Jenny H. » posted to booklines
"Coffee, too, has its marvels in the camp kitchen, but not so many, and not so inscrutable as those that beset the bean-pot. A low complacent grunt follows a mouthful drawn in with a gurgle, and the remark cast forth aimlessly, 'That's good coffee.' Then another gurgling sip and repetition of the judgment, 'Yes, sir, that is good coffee.' As to tea, there are but two kinds, weak and strong, the stronger the better. The only remark heard is, 'That tea's weak,' otherwise it is good enough and not worth mentioning. If it has been boiled an hour or two or smoked on a pitchy fire, no matter,—who cares for a little tannin or creosote? They make the black beverage all the stronger and more attractive to tobacco-tanned palates."
"Beans are the main standby, portable, wholesome, and capable of going far, besides being easily cooked, although curiously enough a great deal of mystery is supposed to lie about the bean-pot. No two cooks quite agree on the methods of making beans do their best, and, after petting and coaxing and nursing the savory mess,— well oiled and mellowed with bacon boiled into the heart of it,— the proud cook will ask, after dishing out a quart or two for trial, 'Well, how do you like my beans?' as if by no possibility could they be like any other beans cooked in the same way, but must needs possess some special virtue of which he alone is master. Molasses, sugar, or pepper may be used to give desired flavors; or the first water may be poured off and a spoonful or two of ashes or soda added to dissolve or soften the skins more fully, according to various tastes and notions. But, like casks of wine, no two potfuls are exactly alike to every palate. Some are supposed to be spoiled by the moon, by some unlucky day, by the beans having been grown on soil not suitable; or the whole year may be to blame as not favorable for beans." ‎- Jenny H.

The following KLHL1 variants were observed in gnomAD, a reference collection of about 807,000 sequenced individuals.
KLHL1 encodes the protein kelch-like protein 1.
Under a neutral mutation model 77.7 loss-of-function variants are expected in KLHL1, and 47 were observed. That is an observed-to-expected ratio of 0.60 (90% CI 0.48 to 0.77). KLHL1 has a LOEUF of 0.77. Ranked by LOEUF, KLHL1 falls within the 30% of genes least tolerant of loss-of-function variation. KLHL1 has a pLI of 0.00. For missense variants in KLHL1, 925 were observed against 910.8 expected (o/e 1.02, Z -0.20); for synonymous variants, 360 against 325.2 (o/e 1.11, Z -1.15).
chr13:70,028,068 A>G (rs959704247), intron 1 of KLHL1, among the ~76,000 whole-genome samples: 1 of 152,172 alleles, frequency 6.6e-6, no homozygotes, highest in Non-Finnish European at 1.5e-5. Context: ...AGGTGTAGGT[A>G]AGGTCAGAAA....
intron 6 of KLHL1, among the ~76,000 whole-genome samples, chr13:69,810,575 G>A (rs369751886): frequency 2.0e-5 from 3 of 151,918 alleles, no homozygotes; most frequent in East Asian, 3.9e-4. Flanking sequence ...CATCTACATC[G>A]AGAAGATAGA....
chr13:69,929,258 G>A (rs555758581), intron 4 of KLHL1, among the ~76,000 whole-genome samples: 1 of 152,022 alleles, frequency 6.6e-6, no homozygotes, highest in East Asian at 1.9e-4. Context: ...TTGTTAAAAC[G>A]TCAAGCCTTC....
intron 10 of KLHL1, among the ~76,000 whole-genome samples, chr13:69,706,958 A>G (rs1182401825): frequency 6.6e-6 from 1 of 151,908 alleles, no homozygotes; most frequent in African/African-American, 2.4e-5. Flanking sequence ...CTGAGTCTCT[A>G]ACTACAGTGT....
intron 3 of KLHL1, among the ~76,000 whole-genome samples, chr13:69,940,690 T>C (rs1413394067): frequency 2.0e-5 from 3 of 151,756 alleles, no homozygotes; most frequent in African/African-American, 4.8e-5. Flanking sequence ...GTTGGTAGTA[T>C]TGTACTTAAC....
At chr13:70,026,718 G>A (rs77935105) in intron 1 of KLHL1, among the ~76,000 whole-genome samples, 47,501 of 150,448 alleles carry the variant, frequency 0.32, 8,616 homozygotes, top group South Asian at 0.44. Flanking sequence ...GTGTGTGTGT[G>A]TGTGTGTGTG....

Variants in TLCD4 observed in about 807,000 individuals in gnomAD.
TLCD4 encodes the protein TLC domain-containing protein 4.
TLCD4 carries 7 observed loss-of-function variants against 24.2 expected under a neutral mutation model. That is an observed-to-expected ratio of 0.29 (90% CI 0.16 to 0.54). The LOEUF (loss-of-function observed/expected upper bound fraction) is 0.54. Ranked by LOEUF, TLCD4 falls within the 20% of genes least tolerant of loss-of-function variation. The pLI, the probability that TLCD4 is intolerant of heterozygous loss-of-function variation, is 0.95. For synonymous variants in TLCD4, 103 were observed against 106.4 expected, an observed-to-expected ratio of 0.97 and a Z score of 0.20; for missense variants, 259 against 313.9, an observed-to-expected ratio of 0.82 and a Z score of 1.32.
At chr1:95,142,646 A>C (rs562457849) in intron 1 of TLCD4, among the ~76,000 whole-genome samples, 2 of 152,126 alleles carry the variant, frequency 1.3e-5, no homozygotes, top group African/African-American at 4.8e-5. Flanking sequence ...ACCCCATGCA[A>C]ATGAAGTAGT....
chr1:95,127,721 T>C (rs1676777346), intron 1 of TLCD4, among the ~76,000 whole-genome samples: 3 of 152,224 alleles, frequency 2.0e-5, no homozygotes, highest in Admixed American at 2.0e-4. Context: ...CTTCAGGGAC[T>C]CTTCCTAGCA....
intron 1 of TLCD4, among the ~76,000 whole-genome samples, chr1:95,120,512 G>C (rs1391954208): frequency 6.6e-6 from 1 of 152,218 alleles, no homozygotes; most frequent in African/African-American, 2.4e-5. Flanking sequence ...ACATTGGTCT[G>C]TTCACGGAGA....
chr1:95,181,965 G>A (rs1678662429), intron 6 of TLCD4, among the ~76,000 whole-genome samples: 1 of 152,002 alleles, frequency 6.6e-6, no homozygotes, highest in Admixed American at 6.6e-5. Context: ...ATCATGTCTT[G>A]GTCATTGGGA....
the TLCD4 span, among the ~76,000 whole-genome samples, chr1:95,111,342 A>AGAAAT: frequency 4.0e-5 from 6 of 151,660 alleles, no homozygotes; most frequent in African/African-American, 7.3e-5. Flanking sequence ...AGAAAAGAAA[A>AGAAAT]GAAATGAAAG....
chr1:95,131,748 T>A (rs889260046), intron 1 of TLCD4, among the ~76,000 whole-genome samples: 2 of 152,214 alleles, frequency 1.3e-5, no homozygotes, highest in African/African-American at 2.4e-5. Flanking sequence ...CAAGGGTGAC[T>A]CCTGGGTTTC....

<3 ‎- Jenny H.
It has its marvels in a regular kitchen too. ‎- John B.
:) ‎- Jenny H.